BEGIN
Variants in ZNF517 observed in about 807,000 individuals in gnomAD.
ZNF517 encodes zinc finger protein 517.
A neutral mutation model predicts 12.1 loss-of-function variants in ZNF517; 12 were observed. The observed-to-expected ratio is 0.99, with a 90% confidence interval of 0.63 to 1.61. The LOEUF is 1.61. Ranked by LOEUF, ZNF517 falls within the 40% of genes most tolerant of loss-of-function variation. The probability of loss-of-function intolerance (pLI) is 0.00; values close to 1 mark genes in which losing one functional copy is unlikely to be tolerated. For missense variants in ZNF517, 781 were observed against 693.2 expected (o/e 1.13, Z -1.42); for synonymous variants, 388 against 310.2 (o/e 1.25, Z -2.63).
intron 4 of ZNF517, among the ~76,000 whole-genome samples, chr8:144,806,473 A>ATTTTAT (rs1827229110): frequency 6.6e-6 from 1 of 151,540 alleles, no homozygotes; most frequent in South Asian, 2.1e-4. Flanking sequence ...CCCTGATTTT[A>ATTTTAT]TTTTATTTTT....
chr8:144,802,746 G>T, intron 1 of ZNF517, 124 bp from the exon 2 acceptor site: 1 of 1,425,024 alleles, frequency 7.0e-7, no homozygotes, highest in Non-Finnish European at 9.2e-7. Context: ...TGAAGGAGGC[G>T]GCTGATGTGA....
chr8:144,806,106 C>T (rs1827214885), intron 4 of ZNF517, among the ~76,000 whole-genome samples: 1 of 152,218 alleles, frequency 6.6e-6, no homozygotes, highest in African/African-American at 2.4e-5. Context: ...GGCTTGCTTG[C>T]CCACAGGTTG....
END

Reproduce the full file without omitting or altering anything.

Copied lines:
Variants in ZNF517 observed in about 807,000 individuals in gnomAD.
ZNF517 encodes zinc finger protein 517.
A neutral mutation model predicts 12.1 loss-of-function variants in ZNF517; 12 were observed. The observed-to-expected ratio is 0.99, with a 90% confidence interval of 0.63 to 1.61. The LOEUF is 1.61. Ranked by LOEUF, ZNF517 falls within the 40% of genes most tolerant of loss-of-function variation. The probability of loss-of-function intolerance (pLI) is 0.00; values close to 1 mark genes in which losing one functional copy is unlikely to be tolerated. For missense variants in ZNF517, 781 were observed against 693.2 expected (o/e 1.13, Z -1.42); for synonymous variants, 388 against 310.2 (o/e 1.25, Z -2.63).
intron 4 of ZNF517, among the ~76,000 whole-genome samples, chr8:144,806,473 A>ATTTTAT (rs1827229110): frequency 6.6e-6 from 1 of 151,540 alleles, no homozygotes; most frequent in South Asian, 2.1e-4. Flanking sequence ...CCCTGATTTT[A>ATTTTAT]TTTTATTTTT....
chr8:144,802,746 G>T, intron 1 of ZNF517, 124 bp from the exon 2 acceptor site: 1 of 1,425,024 alleles, frequency 7.0e-7, no homozygotes, highest in Non-Finnish European at 9.2e-7. Context: ...TGAAGGAGGC[G>T]GCTGATGTGA....
chr8:144,806,106 C>T (rs1827214885), intron 4 of ZNF517, among the ~76,000 whole-genome samples: 1 of 152,218 alleles, frequency 6.6e-6, no homozygotes, highest in African/African-American at 2.4e-5. Context: ...GGCTTGCTTG[C>T]CCACAGGTTG....